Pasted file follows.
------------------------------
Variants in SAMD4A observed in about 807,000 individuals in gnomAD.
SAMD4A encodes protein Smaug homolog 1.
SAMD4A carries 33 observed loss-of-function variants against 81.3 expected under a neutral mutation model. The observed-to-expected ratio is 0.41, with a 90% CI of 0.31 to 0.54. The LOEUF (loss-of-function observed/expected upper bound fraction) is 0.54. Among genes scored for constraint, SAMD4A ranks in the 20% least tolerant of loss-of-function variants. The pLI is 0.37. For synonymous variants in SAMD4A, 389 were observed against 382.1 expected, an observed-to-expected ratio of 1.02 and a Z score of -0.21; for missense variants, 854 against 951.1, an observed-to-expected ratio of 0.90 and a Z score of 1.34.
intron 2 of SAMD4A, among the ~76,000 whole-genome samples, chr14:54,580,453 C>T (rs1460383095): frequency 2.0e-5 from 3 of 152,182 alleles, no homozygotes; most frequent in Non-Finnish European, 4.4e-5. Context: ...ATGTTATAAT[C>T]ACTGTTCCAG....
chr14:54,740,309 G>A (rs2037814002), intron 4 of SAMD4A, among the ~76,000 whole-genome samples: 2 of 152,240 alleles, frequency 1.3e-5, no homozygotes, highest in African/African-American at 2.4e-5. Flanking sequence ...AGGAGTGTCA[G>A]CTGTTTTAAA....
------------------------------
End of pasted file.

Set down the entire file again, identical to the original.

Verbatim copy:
Variants in SAMD4A observed in about 807,000 individuals in gnomAD.
SAMD4A encodes protein Smaug homolog 1.
SAMD4A carries 33 observed loss-of-function variants against 81.3 expected under a neutral mutation model. The observed-to-expected ratio is 0.41, with a 90% CI of 0.31 to 0.54. The LOEUF (loss-of-function observed/expected upper bound fraction) is 0.54. Among genes scored for constraint, SAMD4A ranks in the 20% least tolerant of loss-of-function variants. The pLI is 0.37. For synonymous variants in SAMD4A, 389 were observed against 382.1 expected, an observed-to-expected ratio of 1.02 and a Z score of -0.21; for missense variants, 854 against 951.1, an observed-to-expected ratio of 0.90 and a Z score of 1.34.
intron 2 of SAMD4A, among the ~76,000 whole-genome samples, chr14:54,580,453 C>T (rs1460383095): frequency 2.0e-5 from 3 of 152,182 alleles, no homozygotes; most frequent in Non-Finnish European, 4.4e-5. Context: ...ATGTTATAAT[C>T]ACTGTTCCAG....
chr14:54,740,309 G>A (rs2037814002), intron 4 of SAMD4A, among the ~76,000 whole-genome samples: 2 of 152,240 alleles, frequency 1.3e-5, no homozygotes, highest in African/African-American at 2.4e-5. Flanking sequence ...AGGAGTGTCA[G>A]CTGTTTTAAA....